I'm still, nearly 30 years after being married, trying to manage my grocery budget. Add the managing the budget to managing my new preferred diet, DH and DD2's preferences, and it could spiral out of control. While I ambitiously challenge myself to stay at $350 for household necessities and food, my targeted budget is really $400. I've gone over some months, and grossly under others, and have had quite a few months, where that $350 was actually in the ball park.
I'm not a good deal stacker and couponer. If the Sunday paper inserts match the ads on health, beauty and cleaning, I take advantage of them, but I have no filing system. I try and stock up to a small extent on things we regularly use and don't want to run out of and be caught off guard and pay full price, like toilet paper, laundry soap, female products, toothpaste, shampoo/conditioner and deodorant. I rely on several pantry staples to squeeze my budget and stretch my trips to the grocery store as long as possible. This has been harder for my personal eating since limiting rice, white flour, and pasta from what I eat, but still works for the others-I just skip those items or greatly reduce my portion. Low cost beans and oatmeal are used heavily in my cooking lately to bulk up the dish on the cheap, yet provide a boost of protein as I try and reduce pricey meat portions. This has meant simple, perhaps mundane meals, but as the weather is nice, we all just want to be fed and get on with our days and evenings.
I'm shopping at Aldi's more, and picking up things at the Dollar Tree that are cheaper than Target, drug stores, or the grocery stores. I can't justify spending $3 or more on a bag of Doritos or bag of potato chips for summer gatherings and snacking by my family when I can buy, in moderation, for less than 1/2. I'm not just changing my families habits. I've reduced the amount of coffee-just the two cups usually now in the morning, and drink more tea, which gives me several cups from a single tea bag. I've cut at least $20 a month, perhaps more, since giving up my Diet Coke compulsion and drink just water or Dollar Store packets of Wylers lemonade.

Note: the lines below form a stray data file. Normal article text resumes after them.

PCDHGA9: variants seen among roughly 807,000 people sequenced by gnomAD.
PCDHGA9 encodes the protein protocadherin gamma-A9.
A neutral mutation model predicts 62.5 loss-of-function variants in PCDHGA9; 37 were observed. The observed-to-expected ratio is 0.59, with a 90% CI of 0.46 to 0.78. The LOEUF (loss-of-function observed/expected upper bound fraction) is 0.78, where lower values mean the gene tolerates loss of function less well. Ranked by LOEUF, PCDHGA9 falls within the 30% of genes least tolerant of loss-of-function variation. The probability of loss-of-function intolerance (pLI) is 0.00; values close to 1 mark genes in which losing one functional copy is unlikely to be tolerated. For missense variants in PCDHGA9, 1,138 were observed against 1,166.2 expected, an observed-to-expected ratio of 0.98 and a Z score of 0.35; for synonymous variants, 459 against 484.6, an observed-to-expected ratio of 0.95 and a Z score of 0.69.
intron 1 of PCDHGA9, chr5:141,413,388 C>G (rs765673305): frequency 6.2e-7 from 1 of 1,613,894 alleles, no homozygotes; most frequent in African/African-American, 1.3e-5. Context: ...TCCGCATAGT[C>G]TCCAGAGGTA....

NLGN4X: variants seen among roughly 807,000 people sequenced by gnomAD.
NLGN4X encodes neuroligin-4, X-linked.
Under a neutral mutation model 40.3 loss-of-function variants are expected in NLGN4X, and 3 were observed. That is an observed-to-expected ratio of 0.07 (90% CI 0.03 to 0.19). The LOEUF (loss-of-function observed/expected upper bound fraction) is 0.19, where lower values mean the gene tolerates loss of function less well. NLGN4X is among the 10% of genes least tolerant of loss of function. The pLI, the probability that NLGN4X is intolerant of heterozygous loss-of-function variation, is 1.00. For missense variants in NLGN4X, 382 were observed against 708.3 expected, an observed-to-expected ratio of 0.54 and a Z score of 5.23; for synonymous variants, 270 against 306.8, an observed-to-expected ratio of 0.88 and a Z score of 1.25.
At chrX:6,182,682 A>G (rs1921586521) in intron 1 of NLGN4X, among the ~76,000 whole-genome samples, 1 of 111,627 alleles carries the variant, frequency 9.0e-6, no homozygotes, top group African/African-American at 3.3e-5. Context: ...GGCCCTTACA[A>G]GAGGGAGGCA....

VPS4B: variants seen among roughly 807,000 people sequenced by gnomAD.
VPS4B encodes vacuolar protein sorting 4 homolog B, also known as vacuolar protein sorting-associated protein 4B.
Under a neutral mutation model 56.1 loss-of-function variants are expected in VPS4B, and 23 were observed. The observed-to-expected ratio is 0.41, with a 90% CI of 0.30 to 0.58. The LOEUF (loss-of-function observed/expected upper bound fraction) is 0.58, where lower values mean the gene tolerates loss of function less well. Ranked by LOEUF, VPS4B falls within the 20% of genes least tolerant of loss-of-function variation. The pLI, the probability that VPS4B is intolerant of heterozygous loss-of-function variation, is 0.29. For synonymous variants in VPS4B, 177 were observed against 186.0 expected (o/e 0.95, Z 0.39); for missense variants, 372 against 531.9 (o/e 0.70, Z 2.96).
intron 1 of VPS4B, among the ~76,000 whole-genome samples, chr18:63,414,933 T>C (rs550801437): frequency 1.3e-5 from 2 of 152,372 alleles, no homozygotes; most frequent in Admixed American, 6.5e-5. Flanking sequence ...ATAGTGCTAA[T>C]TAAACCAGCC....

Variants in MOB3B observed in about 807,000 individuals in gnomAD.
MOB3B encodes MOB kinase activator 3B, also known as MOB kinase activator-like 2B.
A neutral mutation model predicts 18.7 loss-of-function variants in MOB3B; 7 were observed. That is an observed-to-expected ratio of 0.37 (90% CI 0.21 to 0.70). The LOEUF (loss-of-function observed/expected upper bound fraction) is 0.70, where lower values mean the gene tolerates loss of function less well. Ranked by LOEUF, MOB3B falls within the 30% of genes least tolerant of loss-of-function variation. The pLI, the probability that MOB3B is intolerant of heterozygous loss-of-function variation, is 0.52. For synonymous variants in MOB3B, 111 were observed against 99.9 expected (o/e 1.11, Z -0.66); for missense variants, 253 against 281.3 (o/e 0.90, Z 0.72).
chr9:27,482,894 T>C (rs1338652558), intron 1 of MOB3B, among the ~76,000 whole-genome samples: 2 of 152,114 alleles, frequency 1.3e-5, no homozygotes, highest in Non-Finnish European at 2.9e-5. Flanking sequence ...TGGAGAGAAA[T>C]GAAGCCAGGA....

My strategies are small, and nothing earth shattering. If I had more time, took more time, I could maximize the budget a bit more. I found this table, a few years old from 2015, interesting. The USDA Official Plan recommends that for my family, a thrifty food budget (food only) would be $502.10. I spend at least 20% less than that and am not a super shopper. However, I can cook and have storage to buy bigger quantities of items at a better price. I am also brand neutral, going for the lower cost version on most things, a few exceptions, as long as it is still good.I still use several convenience foods.If I had to walk home from the store or rely on public transportation, I'd buy smaller sizes and shop more often. I'm sure my costs would increase then as I find just entering a store more than once a week impacts my budget.